To better visualize our data, the responses (area counts) were normalized according to the response obtained for the samples where analytes were spiked first and solvent was added later. Interestingly, the effect depends on the compound and on the matrix type (and of course, it also depends on your extraction conditions). Daminozide (I guess that at this point you may think that it is our favorite analyte) displays 3-fold better recoveries when it is spiked in brownies after adding the extraction solvent vs. when it is spiked in the dry matrix. Conversely, in the case of dark chocolate, there is only a 10% difference between spiking daminozide before vs. after the extraction solvent. The main reason for this difference is that daminozide, a highly polar pesticide (logP=-1.5), displays a much higher affinity for a matrix like brownie compared to a more fatty sample such as dark chocolate. Such affinity can be modified when solvent is added to the matrix, meaning that the recovery of a surrogate matrix spiked by adding solvent and then the analytes won’t always be representative of a real sample. In the case of acephate, another polar pesticide (logP=-0.85), the spiking order results in a 17% difference in brownie whereas in dark chocolate the difference is negligible. Ochratoxin A, on the other hand, showed differences of 39% and 24% in brownies and chocolate, respectively. Based on these results, it is clear that the safer way to assess recoveries (also method accuracy and precision, which will be discussed in part III) is to spike your analytes and isotopically labeled analogues directly in the matrix before adding the extraction solvent. If you intend to use your isotopically labeled analogues to correct only for matrix effects, instrumental response drift, or injection variations, you can add them to your final extract. However, if you need to account for extraction variations, internal standards should be added directly to the sample matrix (before the extraction process).

After selecting the concentrations at which you want to test your recoveries and spiking analytes in your surrogate matrix, you need to prepare your post-spiked extract, which is the solution you will compare against your pre-spiked extracts. As we learned in part I, it is very important to have the same matrix components present in the solutions used to assess recoveries in order to account for matrix effects. To prepare a post-spiked extract, you simply perform your whole extraction procedure using blank matrix and then spike your post-extraction blanks with analytes assuming 100% recovery. Here it is worth  emphasizing that it is critical to ensure that your dilution factors are correct. For example, when using SPE cartridges to clean-up your extract, your final extract volume is going to be lower (~2.6 mL) than the original volume of extraction solvent used (3 mL). In that case, you may need to pool extracts collected from at least two replicates and then measure the volume you need to keep the same dilution factor. For instance, in our case, to prepare a post-spiked extract we added 50 µL of a 1 ppm analyte mix (same volume added to 0.5 g of surrogate matrix to attain 100 ng/g) in 3 mL of matrix blank extract (3 mL was the total volume of extraction solvent used for our brownies workflow). Recoveries are then estimated using the following equation:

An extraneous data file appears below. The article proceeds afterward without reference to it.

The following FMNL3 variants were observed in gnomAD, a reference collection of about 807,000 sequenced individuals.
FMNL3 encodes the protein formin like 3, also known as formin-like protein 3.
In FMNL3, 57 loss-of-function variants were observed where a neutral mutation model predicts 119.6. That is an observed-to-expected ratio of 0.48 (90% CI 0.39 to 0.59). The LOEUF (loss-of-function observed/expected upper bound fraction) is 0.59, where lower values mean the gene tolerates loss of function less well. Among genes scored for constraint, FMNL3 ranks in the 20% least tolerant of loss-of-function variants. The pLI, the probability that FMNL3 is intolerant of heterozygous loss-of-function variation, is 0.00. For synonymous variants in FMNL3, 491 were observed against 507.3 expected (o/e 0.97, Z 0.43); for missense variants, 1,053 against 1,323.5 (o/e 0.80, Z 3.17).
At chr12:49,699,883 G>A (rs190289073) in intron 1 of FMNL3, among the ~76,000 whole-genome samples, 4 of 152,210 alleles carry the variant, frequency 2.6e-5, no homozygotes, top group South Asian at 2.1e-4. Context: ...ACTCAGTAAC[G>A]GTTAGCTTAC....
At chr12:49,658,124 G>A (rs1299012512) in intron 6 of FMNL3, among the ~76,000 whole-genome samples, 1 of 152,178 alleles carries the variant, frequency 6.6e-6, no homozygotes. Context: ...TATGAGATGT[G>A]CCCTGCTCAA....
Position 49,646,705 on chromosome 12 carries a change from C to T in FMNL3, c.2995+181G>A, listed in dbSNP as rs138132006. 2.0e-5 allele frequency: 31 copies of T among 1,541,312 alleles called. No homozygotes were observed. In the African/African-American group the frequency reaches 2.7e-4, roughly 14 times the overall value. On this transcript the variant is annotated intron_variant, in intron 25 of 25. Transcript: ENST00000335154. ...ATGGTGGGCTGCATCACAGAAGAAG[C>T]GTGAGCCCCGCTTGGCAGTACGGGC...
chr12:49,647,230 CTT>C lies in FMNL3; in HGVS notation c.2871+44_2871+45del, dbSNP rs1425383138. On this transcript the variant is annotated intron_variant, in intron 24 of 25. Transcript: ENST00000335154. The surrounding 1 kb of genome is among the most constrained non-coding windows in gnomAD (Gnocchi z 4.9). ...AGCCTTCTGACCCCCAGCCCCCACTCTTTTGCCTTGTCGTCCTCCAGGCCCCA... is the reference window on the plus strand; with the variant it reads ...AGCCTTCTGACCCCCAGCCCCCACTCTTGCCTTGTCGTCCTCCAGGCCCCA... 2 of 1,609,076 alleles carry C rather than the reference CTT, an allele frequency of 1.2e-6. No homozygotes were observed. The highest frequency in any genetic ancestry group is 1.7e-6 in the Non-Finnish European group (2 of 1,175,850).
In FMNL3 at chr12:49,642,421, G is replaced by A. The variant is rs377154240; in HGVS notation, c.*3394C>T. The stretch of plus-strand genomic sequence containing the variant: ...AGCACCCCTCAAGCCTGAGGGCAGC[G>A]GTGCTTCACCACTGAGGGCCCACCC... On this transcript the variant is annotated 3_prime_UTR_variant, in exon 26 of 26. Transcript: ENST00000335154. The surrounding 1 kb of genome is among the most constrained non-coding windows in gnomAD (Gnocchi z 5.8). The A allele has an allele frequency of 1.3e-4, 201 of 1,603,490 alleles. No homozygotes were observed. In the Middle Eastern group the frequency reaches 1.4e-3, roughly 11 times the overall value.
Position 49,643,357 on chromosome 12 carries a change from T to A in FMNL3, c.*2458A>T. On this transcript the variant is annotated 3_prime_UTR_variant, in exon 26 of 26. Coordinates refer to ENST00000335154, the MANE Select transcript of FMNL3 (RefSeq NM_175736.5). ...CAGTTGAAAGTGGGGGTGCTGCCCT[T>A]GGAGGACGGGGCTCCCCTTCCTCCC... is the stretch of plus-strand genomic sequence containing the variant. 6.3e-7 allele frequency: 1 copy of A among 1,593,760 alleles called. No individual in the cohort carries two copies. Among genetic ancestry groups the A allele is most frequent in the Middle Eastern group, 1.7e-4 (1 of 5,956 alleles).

% Recovery = (analyte response in pre-spiked extract/analyte response in post-spiked extract)*100

It is very important to emphasize that you can have amazing accuracy and precision results without having exhaustive recoveries. An example of this is the quantitation approach we used for daminozide in our technical article (here). In other words, recoveries and accuracy are two different things. We will talk more about this in Part III, so please stay tuned!

Optimizing Splitless Injections: Inlet Temperature

One of the key parameters that requires optimization for splitless injections is inlet temperature.  With liquid injections, the analyst is relying on the volatilization of the sample upon introduction into the inlet.  The analytes can then be efficiently transferred to the column in a vapor state, where they are refocused, prior to beginning the chromatographic separation.  Since analytes have different boiling points, it’s important to monitor the least volatile compounds.  These higher boiling compounds will require more thermal energy to efficiently vaporize and transfer to the column.  Increasing inlet temperature will generally lead to increased responses for compounds with high boiling points, although at a certain point the gains may become insignificant and possibly deleterious.

As with most things in chromatography, though, there is always a trade-off.  As we increase inlet temperature, we provide thermal energy which can also drive chemical reactions.  Many analytes are thermally labile, that is, they tend to react or degrade at high temperatures.  This creates a problem, as we compromise the integrity of the analysis by forming new products in the inlet that are non-representative of the sample being injected.

So my advice when setting up a new method is to try several different inlet temperatures and observe both the behavior of your compounds with the highest boiling points, as well as behavior of thermally labile compounds.  You may have to compromise, as the temperature at which the high boiling compounds have the best responses may lead to lower responses for sensitive compounds or vice versa.  Keep in mind that some analytes may have both high boiling points and be thermally labile, such as the pesticide deltamethrin.